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Shop Talk by Dennis Bergendorf – January 2009

Gee, That’s a Fancy Web You Weave There, Mister
A well done Internet site touts your shop and services.

WE LIVE IN THE AGE OF the “New Economy,” or what is often referred to as the age of the Internet. So it may come as a surprise that a significantly large number of pro shops do not have a Web site. And of those that do, a pretty good chunk don’t do much of a job of selling the shop. The question, then, is why not?

Mia Mestdagh, a Colorado based Web commerce guru (, says there are eight reasons that a retail business (including bowling pro shops) should invest in a vibrant, attractive site. Among those are that potential customers are already searching the web; a site lends credibility; it’s an inexpensive way to promote; your message is out there 24-7; and if done right, it’s a strong sales tool.

As for credibility, Mestdagh says, “Your Web site has a powerful impact on a potential customer’s confidence in you.” If the site is well-done, “it can tremendously increase trust in your company… letting people know that you’re knowledgeable and up-to-date.” Not a bad idea when a customer may be confused about all those ball options and prices that often exceed $200.

There are some good Web sites out there. One belongs to Tom Kelley’s Bowling Pro Shop in Omaha ( The home page features a 14-image slide show that lets the customer see much of the inventory (plus the staff fitting customers). There also are price and item listings of dozens of balls, bags, shoes and accessories, and a page for services and even area tournaments.Tom Kelley Jr., spends four or five hours a month taking pictures and writing copy, which he gives to a webmaster (a friend of a friend), who charges less than his standard rate. Still, major revisions (common at the start of the season) can cost $60 an hour and run into the hundreds.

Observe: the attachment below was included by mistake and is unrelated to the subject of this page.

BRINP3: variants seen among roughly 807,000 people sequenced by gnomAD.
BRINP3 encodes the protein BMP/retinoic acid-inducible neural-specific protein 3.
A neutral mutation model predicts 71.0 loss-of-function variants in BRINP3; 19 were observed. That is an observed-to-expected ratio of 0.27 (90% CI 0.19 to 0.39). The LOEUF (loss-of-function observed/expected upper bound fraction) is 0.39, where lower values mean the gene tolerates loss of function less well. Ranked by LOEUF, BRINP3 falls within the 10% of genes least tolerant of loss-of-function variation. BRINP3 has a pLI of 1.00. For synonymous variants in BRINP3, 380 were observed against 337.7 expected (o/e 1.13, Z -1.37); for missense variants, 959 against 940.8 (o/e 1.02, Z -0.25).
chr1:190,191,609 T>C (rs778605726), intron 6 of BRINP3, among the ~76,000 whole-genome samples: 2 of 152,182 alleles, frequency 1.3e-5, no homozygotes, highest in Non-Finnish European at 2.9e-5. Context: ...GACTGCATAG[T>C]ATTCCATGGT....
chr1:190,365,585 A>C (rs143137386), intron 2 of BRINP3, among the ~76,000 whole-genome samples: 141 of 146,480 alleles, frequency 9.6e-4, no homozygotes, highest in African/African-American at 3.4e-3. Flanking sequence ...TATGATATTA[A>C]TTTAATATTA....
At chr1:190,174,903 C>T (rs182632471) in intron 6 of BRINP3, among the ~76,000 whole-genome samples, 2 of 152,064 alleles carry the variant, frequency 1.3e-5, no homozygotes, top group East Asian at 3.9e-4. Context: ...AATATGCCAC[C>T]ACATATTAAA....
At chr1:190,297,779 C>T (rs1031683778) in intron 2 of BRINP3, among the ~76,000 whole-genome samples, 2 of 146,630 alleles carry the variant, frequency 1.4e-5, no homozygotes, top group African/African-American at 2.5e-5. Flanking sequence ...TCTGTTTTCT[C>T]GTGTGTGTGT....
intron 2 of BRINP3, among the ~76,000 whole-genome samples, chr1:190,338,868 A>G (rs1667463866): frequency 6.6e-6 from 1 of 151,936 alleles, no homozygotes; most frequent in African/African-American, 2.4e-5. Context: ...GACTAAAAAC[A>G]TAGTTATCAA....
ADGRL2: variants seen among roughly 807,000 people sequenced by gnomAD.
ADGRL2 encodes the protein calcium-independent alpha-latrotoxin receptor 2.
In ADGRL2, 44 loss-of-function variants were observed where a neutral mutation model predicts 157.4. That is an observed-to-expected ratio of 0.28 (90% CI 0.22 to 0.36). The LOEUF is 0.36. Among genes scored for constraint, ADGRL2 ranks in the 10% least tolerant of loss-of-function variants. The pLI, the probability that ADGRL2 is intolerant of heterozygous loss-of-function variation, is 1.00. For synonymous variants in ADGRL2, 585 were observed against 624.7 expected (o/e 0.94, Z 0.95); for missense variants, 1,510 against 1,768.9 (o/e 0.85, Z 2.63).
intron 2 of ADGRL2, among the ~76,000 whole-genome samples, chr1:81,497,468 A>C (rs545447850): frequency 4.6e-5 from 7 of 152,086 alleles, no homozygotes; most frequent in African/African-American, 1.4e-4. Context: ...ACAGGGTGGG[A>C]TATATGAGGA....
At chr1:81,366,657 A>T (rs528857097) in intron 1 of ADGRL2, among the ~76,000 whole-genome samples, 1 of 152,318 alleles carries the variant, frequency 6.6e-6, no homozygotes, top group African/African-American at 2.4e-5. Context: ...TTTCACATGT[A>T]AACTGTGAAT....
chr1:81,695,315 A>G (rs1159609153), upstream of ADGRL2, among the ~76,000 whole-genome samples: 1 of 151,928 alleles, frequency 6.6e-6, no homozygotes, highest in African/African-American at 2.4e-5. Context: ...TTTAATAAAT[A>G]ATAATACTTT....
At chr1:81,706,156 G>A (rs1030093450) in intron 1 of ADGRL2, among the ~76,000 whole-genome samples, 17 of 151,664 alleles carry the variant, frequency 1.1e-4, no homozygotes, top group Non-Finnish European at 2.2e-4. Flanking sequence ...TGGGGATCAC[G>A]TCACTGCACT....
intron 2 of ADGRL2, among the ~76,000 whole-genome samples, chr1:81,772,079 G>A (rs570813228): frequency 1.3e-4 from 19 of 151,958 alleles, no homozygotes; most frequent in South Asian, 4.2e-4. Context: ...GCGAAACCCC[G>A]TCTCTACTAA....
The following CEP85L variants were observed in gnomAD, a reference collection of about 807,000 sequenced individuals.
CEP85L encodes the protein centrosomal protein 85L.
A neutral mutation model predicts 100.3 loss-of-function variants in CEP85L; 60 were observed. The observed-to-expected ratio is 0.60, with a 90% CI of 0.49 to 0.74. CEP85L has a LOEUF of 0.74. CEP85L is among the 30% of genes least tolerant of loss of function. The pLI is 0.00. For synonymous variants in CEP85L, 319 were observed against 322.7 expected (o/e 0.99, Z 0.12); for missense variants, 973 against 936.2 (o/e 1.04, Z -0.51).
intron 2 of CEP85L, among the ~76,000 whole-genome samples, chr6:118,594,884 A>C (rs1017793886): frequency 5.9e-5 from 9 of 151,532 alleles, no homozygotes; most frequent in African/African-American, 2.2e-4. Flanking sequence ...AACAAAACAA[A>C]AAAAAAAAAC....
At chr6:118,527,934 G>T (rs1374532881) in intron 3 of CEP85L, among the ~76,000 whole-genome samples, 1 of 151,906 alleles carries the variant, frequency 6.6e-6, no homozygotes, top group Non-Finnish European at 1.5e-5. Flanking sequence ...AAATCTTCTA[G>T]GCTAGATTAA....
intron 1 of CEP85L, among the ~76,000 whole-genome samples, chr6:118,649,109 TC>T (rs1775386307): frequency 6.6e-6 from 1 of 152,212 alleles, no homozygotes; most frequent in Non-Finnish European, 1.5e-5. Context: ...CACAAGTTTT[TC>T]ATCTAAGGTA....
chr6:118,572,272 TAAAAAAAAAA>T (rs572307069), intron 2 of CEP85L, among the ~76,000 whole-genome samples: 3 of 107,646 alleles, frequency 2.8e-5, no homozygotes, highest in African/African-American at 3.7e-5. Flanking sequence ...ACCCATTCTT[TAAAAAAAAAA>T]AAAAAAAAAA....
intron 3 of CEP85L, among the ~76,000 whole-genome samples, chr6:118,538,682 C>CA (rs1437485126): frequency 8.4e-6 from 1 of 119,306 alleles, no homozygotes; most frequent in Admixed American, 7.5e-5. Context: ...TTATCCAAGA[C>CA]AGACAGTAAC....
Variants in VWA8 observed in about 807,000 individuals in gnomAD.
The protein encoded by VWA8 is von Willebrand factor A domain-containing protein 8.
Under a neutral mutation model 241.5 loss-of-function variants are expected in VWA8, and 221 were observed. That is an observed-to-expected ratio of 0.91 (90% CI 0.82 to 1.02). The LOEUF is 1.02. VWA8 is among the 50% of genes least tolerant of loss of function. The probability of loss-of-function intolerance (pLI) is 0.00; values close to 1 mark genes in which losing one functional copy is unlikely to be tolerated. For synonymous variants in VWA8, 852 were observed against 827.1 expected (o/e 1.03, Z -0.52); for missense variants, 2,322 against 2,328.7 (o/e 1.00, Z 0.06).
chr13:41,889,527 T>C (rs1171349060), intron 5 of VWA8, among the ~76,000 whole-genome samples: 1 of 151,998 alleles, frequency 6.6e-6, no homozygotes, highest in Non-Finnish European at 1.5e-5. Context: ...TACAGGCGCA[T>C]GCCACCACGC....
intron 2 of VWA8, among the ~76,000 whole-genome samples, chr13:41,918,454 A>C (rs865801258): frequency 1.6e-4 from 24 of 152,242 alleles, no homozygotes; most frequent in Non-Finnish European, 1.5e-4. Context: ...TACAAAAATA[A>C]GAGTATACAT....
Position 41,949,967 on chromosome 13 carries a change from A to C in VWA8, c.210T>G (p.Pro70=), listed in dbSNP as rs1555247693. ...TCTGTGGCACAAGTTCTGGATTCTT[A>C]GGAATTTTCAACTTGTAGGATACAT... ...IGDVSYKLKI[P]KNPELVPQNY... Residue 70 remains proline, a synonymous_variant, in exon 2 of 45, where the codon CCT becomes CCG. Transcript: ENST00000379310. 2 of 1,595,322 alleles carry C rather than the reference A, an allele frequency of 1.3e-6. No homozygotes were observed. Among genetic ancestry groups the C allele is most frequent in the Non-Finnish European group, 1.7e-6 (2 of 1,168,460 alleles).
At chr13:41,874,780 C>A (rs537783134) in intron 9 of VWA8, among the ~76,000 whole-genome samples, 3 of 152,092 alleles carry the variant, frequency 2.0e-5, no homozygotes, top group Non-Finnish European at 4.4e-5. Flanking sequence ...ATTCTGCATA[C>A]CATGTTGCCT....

The four On Track Pro Shops in the Minneapolis-St. Paul area have a comprehensive site (, except that there are no prices on merchandise or services. Scott Pohl says he doesn’t want bowlers to comparison shop without having a chance to sell them. “We’re just trying to get the customer to come in, and we’ll work with them at that point,” he says. This site doesn’t use pictures or descriptions, but links to the manufacturers’ own web sites for graphics and information.

Begin’rs to Pros Pro Shop in Rochester, NY (, has a plain site. It’s just a page that invites people to come in, and gives a brief overview of what’s offered. “We’re not doing anything with the site because we just didn’t see it as profitable,” says Brad Buckert, who was one of the first to sell balls on the internet (stressing price), but saw his sales dwindle because of the on-line discounters.

What about email “blasts?” On Track has been sending them out to about 5,000 addresses for a year now (about one every six to eight weeks). It’s essentially text with a coupon that allows Pohl to track response. He says it was a little disappointing, but that things are improving. He only recently added a link to his web site. A web site can be inexpensive, costing less than $10 a month for the most basic service (including a domain name), but things can quickly add up. A professional may charge hundreds or even thousands to design and maintain your site. Graphics usually cost extra. And, of course, it’s almost imperative to contract with a search engine (Google or Yahoo), or your site will be in something akin to a cyber black hole—and each hit can cost you a dime or more.

A web presence can be valuable in terms of building credibility, but does it help the bottom line? The jury is out. For some busy shops with a steady clientele, a tangible result may not be apparent. But for the savvy shop operator who has a flair for marketing, it can be like any other investment, something that puts customers in the shop while increasing the amount of money they are willing to part with.

*Posted with permission from Luby Publishing Inc.